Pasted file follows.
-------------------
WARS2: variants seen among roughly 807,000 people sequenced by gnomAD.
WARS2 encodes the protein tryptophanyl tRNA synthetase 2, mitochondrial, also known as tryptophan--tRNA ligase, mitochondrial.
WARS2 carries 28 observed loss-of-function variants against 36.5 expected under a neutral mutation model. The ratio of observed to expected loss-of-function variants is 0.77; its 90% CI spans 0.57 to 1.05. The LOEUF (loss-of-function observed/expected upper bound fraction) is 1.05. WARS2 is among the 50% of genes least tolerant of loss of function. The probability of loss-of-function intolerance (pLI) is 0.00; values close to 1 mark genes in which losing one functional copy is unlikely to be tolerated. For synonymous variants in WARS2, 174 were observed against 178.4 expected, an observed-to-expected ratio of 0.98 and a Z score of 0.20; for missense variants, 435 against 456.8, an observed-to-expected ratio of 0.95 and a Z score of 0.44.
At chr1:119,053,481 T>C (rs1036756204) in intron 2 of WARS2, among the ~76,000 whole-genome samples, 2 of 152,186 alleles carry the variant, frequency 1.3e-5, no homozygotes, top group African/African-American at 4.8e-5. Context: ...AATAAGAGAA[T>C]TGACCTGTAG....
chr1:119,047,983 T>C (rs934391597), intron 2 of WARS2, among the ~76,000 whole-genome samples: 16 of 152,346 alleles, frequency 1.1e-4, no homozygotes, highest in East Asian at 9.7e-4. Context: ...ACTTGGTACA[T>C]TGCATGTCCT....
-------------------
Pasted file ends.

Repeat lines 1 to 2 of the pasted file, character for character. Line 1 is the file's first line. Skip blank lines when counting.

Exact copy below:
WARS2: variants seen among roughly 807,000 people sequenced by gnomAD.
WARS2 encodes the protein tryptophanyl tRNA synthetase 2, mitochondrial, also known as tryptophan--tRNA ligase, mitochondrial.